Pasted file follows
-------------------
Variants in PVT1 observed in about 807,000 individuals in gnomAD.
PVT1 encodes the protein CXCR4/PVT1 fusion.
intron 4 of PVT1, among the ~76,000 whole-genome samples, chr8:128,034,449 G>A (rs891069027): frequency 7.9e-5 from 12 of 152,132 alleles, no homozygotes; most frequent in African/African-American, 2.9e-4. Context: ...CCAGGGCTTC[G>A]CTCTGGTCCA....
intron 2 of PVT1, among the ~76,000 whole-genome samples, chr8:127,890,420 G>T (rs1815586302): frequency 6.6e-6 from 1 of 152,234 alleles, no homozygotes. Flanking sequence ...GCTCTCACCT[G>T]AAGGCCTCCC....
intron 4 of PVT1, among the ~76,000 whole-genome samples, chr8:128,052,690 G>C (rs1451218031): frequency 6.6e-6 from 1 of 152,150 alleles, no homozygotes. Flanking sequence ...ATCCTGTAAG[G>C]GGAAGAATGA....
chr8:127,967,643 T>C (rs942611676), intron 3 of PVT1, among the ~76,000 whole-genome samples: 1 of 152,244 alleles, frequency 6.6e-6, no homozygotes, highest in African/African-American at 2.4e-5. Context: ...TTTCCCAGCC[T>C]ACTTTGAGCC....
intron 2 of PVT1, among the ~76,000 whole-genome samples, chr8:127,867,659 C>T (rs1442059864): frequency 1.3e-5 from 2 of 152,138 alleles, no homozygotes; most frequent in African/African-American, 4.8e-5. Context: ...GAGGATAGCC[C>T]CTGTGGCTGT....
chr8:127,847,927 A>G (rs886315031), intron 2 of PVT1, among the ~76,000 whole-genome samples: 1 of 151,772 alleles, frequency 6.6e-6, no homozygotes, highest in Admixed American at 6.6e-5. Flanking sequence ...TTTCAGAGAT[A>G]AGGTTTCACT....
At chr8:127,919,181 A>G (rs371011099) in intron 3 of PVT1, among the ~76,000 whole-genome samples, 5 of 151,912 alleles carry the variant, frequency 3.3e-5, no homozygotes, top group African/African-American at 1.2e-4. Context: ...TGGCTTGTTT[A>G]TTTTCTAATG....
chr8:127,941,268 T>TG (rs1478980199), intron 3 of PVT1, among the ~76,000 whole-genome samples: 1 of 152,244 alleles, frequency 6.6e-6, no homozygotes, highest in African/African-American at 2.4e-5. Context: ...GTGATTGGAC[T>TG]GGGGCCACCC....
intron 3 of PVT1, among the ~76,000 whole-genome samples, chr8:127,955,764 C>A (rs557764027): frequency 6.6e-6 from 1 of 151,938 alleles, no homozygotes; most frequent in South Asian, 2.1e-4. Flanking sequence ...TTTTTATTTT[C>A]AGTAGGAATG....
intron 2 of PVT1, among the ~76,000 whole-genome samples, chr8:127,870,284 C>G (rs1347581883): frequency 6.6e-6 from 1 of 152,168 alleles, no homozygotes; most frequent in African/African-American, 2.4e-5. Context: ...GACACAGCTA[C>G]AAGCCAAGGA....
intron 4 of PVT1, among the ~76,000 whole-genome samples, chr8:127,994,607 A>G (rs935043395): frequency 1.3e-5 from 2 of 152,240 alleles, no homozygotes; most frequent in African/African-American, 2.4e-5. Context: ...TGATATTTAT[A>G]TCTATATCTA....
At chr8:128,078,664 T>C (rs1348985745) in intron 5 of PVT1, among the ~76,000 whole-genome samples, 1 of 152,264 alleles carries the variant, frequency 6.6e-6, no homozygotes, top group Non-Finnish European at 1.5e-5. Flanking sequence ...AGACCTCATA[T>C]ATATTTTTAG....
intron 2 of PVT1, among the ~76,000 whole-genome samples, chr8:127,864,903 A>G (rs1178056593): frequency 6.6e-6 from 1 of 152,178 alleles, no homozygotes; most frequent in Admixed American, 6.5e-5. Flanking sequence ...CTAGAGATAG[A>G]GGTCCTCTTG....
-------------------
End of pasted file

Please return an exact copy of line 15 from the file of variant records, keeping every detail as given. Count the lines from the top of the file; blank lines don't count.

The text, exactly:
intron 2 of PVT1, among the ~76,000 whole-genome samples, chr8:127,864,903 A>G (rs1178056593): frequency 6.6e-6 from 1 of 152,178 alleles, no homozygotes; most frequent in Admixed American, 6.5e-5. Flanking sequence ...CTAGAGATAG[A>G]GGTCCTCTTG....